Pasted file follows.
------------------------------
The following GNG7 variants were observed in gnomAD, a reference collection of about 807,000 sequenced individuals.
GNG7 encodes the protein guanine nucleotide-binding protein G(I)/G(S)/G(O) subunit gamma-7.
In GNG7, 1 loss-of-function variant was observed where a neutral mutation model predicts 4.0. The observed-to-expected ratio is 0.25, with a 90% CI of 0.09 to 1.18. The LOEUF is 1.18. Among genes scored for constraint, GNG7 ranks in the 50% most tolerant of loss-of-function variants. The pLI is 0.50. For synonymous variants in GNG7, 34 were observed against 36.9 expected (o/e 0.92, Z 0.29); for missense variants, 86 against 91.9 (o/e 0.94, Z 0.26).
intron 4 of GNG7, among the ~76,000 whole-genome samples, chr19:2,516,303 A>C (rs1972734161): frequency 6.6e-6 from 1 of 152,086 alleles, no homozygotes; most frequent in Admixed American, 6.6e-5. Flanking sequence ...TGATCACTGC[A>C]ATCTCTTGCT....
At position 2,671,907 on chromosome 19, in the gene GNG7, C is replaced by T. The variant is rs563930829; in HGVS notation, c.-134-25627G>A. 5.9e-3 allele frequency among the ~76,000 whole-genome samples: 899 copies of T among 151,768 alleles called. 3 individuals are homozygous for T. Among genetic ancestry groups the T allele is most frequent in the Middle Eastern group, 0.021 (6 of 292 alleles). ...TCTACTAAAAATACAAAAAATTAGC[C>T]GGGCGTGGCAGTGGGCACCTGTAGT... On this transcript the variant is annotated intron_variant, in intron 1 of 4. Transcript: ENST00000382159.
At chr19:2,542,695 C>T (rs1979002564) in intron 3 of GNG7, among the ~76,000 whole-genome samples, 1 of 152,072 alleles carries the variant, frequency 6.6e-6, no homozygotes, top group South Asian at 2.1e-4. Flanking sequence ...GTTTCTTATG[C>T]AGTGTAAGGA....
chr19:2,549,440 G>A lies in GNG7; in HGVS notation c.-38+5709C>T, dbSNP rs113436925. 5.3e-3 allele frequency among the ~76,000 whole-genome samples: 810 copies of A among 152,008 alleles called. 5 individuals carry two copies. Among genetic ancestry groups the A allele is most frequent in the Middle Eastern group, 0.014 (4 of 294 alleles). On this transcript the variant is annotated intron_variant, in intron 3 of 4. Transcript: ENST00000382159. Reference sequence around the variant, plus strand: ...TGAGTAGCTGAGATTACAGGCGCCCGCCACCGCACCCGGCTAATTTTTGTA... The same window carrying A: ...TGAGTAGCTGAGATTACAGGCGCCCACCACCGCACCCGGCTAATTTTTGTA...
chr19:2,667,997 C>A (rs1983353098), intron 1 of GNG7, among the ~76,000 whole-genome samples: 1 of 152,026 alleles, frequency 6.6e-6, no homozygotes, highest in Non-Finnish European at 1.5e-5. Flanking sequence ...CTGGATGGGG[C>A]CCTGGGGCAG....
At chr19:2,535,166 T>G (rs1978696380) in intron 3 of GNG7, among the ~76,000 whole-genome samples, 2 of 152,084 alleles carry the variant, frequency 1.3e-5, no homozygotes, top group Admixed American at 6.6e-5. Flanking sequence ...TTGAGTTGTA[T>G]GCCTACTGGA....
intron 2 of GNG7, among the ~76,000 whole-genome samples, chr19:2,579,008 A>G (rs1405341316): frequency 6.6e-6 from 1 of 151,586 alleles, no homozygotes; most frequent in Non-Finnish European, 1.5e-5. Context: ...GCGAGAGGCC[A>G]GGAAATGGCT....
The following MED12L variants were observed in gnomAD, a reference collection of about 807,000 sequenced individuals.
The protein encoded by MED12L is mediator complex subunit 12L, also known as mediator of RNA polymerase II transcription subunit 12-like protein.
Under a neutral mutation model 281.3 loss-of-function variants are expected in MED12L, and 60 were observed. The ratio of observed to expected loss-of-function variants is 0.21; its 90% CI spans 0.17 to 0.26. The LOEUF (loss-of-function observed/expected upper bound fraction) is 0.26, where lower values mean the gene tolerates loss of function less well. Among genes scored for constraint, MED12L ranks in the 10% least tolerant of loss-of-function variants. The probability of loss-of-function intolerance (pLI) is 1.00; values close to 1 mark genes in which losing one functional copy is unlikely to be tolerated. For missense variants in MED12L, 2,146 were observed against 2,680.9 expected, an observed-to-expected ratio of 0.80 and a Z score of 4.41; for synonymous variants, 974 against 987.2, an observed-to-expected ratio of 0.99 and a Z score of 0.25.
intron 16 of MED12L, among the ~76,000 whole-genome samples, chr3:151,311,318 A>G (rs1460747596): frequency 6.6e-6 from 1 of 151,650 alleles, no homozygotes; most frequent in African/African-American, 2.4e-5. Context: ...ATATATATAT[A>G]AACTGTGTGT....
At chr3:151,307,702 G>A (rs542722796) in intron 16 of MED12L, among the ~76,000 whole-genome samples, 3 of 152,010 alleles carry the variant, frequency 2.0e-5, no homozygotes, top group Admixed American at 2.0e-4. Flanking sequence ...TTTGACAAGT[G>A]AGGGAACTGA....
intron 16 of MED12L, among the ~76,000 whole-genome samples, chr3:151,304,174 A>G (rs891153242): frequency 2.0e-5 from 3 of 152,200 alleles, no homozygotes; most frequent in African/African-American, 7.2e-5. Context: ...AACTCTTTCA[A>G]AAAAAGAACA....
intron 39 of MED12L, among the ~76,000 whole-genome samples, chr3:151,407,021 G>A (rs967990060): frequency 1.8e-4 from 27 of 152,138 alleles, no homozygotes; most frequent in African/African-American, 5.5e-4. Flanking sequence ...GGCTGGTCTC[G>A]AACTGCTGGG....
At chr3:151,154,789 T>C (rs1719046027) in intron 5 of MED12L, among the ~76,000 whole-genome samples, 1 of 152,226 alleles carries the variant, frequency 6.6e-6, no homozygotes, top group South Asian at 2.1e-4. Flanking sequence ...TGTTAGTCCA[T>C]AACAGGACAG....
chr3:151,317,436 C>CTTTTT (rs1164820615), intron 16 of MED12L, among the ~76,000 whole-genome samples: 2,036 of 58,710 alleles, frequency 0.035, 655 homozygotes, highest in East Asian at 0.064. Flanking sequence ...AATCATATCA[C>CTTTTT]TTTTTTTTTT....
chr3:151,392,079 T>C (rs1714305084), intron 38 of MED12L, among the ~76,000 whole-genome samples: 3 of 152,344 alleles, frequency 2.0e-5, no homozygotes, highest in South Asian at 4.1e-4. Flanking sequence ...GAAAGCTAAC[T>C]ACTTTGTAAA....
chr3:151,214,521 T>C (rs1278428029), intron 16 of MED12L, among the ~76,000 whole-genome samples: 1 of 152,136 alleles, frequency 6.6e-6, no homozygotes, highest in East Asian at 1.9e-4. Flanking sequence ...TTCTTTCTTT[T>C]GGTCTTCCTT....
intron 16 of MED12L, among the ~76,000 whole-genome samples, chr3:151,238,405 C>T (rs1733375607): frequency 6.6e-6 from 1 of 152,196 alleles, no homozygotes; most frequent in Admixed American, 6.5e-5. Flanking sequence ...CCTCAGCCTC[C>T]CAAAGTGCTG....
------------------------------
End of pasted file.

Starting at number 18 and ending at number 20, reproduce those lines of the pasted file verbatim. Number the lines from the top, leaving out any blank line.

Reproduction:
At chr3:151,154,789 T>C (rs1719046027) in intron 5 of MED12L, among the ~76,000 whole-genome samples, 1 of 152,226 alleles carries the variant, frequency 6.6e-6, no homozygotes, top group South Asian at 2.1e-4. Flanking sequence ...TGTTAGTCCA[T>C]AACAGGACAG....
chr3:151,317,436 C>CTTTTT (rs1164820615), intron 16 of MED12L, among the ~76,000 whole-genome samples: 2,036 of 58,710 alleles, frequency 0.035, 655 homozygotes, highest in East Asian at 0.064. Flanking sequence ...AATCATATCA[C>CTTTTT]TTTTTTTTTT....
chr3:151,392,079 T>C (rs1714305084), intron 38 of MED12L, among the ~76,000 whole-genome samples: 3 of 152,344 alleles, frequency 2.0e-5, no homozygotes, highest in South Asian at 4.1e-4. Flanking sequence ...GAAAGCTAAC[T>C]ACTTTGTAAA....